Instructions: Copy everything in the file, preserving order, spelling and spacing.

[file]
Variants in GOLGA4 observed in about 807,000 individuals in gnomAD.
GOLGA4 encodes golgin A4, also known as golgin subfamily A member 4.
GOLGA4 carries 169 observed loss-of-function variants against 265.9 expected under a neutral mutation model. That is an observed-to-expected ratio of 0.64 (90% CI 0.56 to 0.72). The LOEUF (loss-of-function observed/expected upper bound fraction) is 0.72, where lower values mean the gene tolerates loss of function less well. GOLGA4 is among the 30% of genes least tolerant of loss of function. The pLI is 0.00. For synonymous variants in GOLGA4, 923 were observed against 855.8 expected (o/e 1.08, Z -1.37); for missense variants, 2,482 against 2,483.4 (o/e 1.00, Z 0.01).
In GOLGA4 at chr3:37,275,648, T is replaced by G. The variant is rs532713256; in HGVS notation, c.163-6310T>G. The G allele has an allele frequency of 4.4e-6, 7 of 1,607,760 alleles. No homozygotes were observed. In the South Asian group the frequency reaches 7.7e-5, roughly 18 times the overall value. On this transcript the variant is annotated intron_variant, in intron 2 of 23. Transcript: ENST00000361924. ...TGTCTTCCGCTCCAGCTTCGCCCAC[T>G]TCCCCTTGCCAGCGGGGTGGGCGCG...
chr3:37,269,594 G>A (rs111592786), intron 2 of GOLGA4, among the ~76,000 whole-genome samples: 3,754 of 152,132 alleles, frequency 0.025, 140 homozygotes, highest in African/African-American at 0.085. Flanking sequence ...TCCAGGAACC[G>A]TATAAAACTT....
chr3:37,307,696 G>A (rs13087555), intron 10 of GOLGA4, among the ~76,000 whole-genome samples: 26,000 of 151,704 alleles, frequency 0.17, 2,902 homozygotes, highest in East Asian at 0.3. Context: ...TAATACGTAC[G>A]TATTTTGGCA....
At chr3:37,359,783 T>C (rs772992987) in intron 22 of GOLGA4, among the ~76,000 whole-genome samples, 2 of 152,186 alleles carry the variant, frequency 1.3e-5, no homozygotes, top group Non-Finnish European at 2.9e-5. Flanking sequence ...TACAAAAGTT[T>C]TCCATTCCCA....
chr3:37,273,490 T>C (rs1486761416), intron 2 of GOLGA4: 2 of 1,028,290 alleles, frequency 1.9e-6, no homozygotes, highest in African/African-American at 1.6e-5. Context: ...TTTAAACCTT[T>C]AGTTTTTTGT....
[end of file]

Variants in GOLGA4 observed in about 807,000 individuals in gnomAD.
GOLGA4 encodes golgin A4, also known as golgin subfamily A member 4.
GOLGA4 carries 169 observed loss-of-function variants against 265.9 expected under a neutral mutation model. That is an observed-to-expected ratio of 0.64 (90% CI 0.56 to 0.72). The LOEUF (loss-of-function observed/expected upper bound fraction) is 0.72, where lower values mean the gene tolerates loss of function less well. GOLGA4 is among the 30% of genes least tolerant of loss of function. The pLI is 0.00. For synonymous variants in GOLGA4, 923 were observed against 855.8 expected (o/e 1.08, Z -1.37); for missense variants, 2,482 against 2,483.4 (o/e 1.00, Z 0.01).
In GOLGA4 at chr3:37,275,648, T is replaced by G. The variant is rs532713256; in HGVS notation, c.163-6310T>G. The G allele has an allele frequency of 4.4e-6, 7 of 1,607,760 alleles. No homozygotes were observed. In the South Asian group the frequency reaches 7.7e-5, roughly 18 times the overall value. On this transcript the variant is annotated intron_variant, in intron 2 of 23. Transcript: ENST00000361924. ...TGTCTTCCGCTCCAGCTTCGCCCAC[T>G]TCCCCTTGCCAGCGGGGTGGGCGCG...
chr3:37,269,594 G>A (rs111592786), intron 2 of GOLGA4, among the ~76,000 whole-genome samples: 3,754 of 152,132 alleles, frequency 0.025, 140 homozygotes, highest in African/African-American at 0.085. Flanking sequence ...TCCAGGAACC[G>A]TATAAAACTT....
chr3:37,307,696 G>A (rs13087555), intron 10 of GOLGA4, among the ~76,000 whole-genome samples: 26,000 of 151,704 alleles, frequency 0.17, 2,902 homozygotes, highest in East Asian at 0.3. Context: ...TAATACGTAC[G>A]TATTTTGGCA....
At chr3:37,359,783 T>C (rs772992987) in intron 22 of GOLGA4, among the ~76,000 whole-genome samples, 2 of 152,186 alleles carry the variant, frequency 1.3e-5, no homozygotes, top group Non-Finnish European at 2.9e-5. Flanking sequence ...TACAAAAGTT[T>C]TCCATTCCCA....
chr3:37,273,490 T>C (rs1486761416), intron 2 of GOLGA4: 2 of 1,028,290 alleles, frequency 1.9e-6, no homozygotes, highest in African/African-American at 1.6e-5. Context: ...TTTAAACCTT[T>C]AGTTTTTTGT....